Up to scratch is an idiom that has been in use since the 1800s. We will examine the meaning of the idiom up to scratch, where it came from, and some examples of its use in sentences.
Up to scratch describes someone who is fit or healthy, someone or something that can meet certain requirements, someone or something that is satisfactory. The negative form, not up to scratch, means that someone or something is not fit. The phrase up to scratch appeared sometime in the mid-1800s, and originated in the sport of boxing. When boxing was bare-knuckled, the opponents were required to stand with their toes against a scratch in the ground at the start of every round. If a fighter was fit enough to stand at his assigned place at the beginning of a round, then he was up to scratch. If not, he was not up to scratch.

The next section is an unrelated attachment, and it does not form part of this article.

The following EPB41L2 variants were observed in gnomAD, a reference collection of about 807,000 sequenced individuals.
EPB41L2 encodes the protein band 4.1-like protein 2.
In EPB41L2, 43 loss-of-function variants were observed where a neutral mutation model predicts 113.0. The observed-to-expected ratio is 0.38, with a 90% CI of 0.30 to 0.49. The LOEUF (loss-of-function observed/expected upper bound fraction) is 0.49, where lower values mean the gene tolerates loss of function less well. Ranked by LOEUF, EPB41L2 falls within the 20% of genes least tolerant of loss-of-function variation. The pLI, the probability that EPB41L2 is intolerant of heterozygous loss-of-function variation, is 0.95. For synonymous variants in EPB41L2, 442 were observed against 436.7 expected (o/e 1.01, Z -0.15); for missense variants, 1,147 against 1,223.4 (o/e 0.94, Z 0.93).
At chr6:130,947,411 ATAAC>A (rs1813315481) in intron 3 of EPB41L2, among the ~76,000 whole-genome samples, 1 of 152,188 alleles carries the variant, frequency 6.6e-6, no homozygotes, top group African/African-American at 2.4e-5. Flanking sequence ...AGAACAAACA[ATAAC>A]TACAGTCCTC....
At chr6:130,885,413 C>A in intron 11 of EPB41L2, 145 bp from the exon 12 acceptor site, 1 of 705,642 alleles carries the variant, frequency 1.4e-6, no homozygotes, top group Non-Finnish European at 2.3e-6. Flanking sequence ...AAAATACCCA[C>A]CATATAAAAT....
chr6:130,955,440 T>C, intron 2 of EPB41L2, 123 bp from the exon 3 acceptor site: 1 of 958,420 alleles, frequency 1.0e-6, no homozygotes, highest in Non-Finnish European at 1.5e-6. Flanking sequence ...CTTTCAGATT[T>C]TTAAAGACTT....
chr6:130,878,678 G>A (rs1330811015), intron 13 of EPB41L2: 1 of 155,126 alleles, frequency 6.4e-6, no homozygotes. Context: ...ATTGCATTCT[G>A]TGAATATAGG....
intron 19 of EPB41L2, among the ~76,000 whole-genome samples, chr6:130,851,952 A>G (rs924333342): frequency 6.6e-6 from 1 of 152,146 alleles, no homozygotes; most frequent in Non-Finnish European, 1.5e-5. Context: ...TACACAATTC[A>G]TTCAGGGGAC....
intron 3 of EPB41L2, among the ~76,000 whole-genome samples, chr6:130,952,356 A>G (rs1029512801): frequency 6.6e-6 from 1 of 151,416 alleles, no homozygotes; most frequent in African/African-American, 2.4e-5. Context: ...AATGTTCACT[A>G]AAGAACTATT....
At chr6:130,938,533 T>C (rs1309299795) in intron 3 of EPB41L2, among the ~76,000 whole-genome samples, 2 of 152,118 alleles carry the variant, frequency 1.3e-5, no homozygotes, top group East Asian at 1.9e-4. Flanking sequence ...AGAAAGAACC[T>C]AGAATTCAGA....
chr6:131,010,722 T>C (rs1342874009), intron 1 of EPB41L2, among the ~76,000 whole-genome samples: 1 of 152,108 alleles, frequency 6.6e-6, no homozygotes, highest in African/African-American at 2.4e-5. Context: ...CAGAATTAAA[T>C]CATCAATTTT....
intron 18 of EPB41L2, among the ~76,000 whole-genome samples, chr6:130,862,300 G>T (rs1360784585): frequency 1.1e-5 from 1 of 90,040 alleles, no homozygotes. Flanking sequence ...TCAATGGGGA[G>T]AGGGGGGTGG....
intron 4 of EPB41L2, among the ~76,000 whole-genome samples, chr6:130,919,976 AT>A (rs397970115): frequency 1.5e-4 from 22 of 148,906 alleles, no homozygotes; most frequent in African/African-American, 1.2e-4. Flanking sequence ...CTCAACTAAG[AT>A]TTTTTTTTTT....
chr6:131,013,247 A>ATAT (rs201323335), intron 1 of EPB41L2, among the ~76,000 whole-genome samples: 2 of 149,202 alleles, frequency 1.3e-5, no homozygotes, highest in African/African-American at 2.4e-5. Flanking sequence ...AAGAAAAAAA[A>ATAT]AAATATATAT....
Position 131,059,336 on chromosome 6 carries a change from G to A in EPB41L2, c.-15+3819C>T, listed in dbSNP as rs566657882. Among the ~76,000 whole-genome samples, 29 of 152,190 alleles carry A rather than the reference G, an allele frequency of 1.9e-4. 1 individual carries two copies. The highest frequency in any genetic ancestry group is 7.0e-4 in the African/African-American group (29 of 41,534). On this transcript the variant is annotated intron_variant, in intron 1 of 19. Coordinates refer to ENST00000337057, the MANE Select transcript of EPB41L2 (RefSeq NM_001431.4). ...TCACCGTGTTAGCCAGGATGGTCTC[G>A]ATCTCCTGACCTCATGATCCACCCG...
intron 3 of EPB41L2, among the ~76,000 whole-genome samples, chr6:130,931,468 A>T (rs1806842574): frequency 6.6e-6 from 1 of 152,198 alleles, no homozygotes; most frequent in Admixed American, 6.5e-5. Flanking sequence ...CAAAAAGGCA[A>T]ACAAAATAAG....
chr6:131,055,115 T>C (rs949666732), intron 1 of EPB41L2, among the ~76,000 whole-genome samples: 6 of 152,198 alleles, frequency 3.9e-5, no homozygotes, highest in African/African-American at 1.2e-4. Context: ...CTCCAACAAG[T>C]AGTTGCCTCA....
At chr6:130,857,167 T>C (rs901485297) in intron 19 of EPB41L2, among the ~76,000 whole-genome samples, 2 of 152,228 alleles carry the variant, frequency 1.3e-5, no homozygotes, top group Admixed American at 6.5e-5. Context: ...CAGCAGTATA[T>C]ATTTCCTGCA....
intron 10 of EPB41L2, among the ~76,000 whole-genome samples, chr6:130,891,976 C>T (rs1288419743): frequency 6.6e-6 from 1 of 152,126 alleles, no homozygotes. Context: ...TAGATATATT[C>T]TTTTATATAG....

World Rugby issued a statement on Tuesday conceding that the officiating over the first weekend of the World Cup was not up to scratch and promising it would improve. (Reuters)
The MLA has stressed the importance of homeowners making sure their security is up to scratch. (The Sun)
Villeroy, who heads the French central bank, questioned last week whether professional standards were up to scratch, which is we think a legitimate gripe for such a new market. (The Financial Times)
A draft improvement plan designed to help bring West Sussex County Council’s ‘inadequate’ children’s services up to scratch has been given the nod by a scrutiny committee. (The Chichester Observer)
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